Prof. John Studd. Women's Health Clinic
clinical gynaecologist
clinical gynaecologist

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Menopause: When to Start

The traditional way of giving oestrogens for women after the menopause is to treat the characteristic climacteric symptoms with continuous oestrogens and the addition of cyclical progestogens for 10 or 12 days per month producing a withdrawal bleed or by continuous combined oestrogen/progestogen therapy with daily low dose progestogen as a non-bleed preparation.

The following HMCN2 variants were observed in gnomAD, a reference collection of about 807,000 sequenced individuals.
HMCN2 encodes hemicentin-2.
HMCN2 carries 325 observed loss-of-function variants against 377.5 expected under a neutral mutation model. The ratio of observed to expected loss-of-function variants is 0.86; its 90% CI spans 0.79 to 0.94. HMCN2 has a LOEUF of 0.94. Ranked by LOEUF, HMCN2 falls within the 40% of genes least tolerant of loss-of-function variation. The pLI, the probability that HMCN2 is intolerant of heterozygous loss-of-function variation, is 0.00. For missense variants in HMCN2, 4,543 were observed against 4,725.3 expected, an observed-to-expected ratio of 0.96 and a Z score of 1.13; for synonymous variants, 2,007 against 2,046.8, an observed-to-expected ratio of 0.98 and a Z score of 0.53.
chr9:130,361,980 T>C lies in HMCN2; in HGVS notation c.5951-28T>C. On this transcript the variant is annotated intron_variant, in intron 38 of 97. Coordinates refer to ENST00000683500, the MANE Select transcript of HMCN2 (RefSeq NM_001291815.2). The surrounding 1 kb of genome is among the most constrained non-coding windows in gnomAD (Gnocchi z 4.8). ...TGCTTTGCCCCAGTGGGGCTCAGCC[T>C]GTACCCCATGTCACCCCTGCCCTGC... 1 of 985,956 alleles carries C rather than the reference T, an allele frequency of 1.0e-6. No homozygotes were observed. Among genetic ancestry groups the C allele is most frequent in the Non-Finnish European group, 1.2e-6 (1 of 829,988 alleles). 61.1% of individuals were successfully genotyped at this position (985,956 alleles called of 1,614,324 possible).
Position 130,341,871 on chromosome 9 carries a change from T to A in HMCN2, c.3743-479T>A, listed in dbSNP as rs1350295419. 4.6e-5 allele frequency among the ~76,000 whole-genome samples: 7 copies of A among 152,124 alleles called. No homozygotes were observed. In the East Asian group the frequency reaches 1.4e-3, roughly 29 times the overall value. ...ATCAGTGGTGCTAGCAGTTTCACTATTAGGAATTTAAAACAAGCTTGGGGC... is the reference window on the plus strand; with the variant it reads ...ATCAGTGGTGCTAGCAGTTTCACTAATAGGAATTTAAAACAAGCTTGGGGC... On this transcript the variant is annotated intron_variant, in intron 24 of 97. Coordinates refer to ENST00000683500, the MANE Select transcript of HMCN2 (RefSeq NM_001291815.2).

However, there is often an indication to start therapy before the cessation of periods in women who have hormone responsive depression. This depression may be cyclical as in severe premenstrual depression or continuous with possible premenstrual exacerbations in the 2 or 3 years before the periods cease. It is very important to realise that climacteric depression is at its worst in these years when the woman is still having periods and therefore the association with a hormonal aetiology is not apparent. These women in fact do very well on a slightly higher dose of oestrogens, particularly in the form of patches, gels or implants with doses of 100 or even 200 mcgs of oestradiol patch twice weekly with cyclical oral progestogen is more effective than low dose oral therapy in this group of patients.